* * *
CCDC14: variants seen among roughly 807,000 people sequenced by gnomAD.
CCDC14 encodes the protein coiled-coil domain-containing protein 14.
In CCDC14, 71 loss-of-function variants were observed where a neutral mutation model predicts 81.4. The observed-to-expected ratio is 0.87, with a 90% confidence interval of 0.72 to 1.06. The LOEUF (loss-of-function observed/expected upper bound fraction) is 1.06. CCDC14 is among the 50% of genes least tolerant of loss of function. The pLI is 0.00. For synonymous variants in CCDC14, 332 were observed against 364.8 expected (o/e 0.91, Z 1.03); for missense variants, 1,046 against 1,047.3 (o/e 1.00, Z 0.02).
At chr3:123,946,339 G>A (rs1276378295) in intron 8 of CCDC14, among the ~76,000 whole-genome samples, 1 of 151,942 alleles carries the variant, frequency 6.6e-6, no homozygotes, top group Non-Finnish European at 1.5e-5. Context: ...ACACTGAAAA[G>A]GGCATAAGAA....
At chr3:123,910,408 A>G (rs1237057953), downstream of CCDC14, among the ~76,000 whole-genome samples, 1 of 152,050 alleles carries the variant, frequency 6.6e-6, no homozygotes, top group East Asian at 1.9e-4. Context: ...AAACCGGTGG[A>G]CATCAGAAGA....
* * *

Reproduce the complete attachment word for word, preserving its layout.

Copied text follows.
CCDC14: variants seen among roughly 807,000 people sequenced by gnomAD.
CCDC14 encodes the protein coiled-coil domain-containing protein 14.
In CCDC14, 71 loss-of-function variants were observed where a neutral mutation model predicts 81.4. The observed-to-expected ratio is 0.87, with a 90% confidence interval of 0.72 to 1.06. The LOEUF (loss-of-function observed/expected upper bound fraction) is 1.06. CCDC14 is among the 50% of genes least tolerant of loss of function. The pLI is 0.00. For synonymous variants in CCDC14, 332 were observed against 364.8 expected (o/e 0.91, Z 1.03); for missense variants, 1,046 against 1,047.3 (o/e 1.00, Z 0.02).
At chr3:123,946,339 G>A (rs1276378295) in intron 8 of CCDC14, among the ~76,000 whole-genome samples, 1 of 151,942 alleles carries the variant, frequency 6.6e-6, no homozygotes, top group Non-Finnish European at 1.5e-5. Context: ...ACACTGAAAA[G>A]GGCATAAGAA....
At chr3:123,910,408 A>G (rs1237057953), downstream of CCDC14, among the ~76,000 whole-genome samples, 1 of 152,050 alleles carries the variant, frequency 6.6e-6, no homozygotes, top group East Asian at 1.9e-4. Context: ...AAACCGGTGG[A>G]CATCAGAAGA....